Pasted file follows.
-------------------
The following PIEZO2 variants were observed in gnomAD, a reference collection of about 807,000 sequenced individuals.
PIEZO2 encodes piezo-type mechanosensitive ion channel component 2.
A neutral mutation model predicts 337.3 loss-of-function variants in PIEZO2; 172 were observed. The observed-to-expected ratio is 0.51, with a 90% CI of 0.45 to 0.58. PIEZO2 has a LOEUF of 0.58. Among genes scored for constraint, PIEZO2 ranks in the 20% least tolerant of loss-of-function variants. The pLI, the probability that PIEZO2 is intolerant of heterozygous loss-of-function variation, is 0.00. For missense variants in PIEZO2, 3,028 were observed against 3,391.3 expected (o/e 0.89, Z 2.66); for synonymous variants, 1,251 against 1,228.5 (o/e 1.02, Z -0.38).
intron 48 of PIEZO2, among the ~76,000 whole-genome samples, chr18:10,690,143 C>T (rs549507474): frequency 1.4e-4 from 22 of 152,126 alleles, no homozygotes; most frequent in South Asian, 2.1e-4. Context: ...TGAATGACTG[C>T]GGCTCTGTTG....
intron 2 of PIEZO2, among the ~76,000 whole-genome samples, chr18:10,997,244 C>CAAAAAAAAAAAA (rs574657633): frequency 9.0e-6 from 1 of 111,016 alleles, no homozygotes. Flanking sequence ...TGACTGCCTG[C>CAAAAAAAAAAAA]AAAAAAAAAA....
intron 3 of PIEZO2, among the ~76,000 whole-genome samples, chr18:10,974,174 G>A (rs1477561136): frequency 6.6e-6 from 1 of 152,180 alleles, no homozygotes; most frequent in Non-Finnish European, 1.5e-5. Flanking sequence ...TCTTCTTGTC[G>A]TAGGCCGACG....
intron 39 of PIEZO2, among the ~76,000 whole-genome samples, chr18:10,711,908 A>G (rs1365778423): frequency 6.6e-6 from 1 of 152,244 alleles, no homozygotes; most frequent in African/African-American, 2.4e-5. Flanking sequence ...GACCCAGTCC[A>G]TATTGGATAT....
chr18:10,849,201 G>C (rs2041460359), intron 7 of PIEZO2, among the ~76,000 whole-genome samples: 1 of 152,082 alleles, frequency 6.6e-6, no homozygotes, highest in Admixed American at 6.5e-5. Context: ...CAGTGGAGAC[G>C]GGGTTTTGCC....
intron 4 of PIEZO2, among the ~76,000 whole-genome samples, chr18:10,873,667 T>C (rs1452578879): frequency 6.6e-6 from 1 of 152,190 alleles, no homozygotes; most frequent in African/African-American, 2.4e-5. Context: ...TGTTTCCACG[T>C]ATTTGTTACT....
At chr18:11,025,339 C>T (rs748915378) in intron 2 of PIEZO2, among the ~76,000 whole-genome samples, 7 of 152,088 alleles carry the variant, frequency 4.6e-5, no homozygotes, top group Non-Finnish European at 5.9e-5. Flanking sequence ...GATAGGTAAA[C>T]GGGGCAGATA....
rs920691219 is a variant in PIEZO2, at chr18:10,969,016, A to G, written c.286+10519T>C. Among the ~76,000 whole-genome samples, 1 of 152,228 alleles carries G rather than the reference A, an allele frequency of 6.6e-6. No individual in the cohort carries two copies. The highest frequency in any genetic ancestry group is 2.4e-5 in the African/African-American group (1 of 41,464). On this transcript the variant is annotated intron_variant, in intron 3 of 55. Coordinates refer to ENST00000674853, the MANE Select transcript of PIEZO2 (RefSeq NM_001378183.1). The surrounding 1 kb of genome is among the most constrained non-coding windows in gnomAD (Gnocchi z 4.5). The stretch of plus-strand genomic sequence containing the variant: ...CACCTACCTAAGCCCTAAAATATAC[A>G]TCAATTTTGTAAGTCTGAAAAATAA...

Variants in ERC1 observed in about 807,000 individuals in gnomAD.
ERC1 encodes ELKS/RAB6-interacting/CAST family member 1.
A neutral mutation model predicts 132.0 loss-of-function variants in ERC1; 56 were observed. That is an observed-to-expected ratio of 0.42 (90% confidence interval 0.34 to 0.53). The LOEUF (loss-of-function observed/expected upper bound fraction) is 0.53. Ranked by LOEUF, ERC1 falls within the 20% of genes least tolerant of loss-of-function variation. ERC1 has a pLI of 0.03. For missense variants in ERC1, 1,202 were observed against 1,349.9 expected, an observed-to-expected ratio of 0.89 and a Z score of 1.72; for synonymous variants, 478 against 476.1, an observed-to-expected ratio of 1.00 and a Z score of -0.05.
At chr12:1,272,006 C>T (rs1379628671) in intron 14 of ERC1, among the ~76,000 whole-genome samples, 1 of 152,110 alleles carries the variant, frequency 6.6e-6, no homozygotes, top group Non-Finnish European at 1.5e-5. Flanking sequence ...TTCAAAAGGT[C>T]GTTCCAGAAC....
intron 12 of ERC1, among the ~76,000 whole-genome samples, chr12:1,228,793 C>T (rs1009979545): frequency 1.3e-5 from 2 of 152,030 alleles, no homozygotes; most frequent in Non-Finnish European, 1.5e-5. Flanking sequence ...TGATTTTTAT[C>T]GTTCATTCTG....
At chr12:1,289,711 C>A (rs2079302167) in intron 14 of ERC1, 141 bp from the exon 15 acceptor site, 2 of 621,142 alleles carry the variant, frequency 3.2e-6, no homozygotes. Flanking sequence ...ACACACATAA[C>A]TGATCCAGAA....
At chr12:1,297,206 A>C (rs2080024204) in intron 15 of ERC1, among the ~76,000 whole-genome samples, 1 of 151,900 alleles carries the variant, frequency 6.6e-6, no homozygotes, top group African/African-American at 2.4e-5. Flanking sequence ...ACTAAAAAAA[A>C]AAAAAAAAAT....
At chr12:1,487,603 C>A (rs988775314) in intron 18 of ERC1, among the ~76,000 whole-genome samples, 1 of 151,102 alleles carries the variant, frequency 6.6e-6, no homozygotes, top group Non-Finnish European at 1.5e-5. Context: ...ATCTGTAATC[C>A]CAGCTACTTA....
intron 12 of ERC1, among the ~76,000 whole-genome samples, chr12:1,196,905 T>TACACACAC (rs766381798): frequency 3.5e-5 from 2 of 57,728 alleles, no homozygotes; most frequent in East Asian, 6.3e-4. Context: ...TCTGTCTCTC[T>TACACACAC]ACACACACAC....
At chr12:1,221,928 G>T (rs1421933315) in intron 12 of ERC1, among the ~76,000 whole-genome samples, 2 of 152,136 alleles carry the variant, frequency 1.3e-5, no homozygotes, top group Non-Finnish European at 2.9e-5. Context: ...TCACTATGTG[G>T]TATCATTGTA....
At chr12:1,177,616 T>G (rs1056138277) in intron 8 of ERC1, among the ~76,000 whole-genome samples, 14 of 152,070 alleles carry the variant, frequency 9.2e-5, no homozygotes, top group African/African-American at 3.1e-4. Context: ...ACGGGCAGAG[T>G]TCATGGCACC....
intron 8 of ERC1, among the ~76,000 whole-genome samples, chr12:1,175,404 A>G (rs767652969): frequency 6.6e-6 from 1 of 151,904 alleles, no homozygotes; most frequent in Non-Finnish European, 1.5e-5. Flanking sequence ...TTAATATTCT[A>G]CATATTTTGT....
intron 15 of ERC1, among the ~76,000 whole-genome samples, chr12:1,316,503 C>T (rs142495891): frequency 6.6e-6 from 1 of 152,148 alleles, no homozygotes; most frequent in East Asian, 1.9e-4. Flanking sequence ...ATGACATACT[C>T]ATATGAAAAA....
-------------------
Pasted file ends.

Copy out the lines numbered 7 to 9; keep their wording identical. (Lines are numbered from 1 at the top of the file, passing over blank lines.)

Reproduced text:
intron 39 of PIEZO2, among the ~76,000 whole-genome samples, chr18:10,711,908 A>G (rs1365778423): frequency 6.6e-6 from 1 of 152,244 alleles, no homozygotes; most frequent in African/African-American, 2.4e-5. Flanking sequence ...GACCCAGTCC[A>G]TATTGGATAT....
chr18:10,849,201 G>C (rs2041460359), intron 7 of PIEZO2, among the ~76,000 whole-genome samples: 1 of 152,082 alleles, frequency 6.6e-6, no homozygotes, highest in Admixed American at 6.5e-5. Context: ...CAGTGGAGAC[G>C]GGGTTTTGCC....
intron 4 of PIEZO2, among the ~76,000 whole-genome samples, chr18:10,873,667 T>C (rs1452578879): frequency 6.6e-6 from 1 of 152,190 alleles, no homozygotes; most frequent in African/African-American, 2.4e-5. Context: ...TGTTTCCACG[T>C]ATTTGTTACT....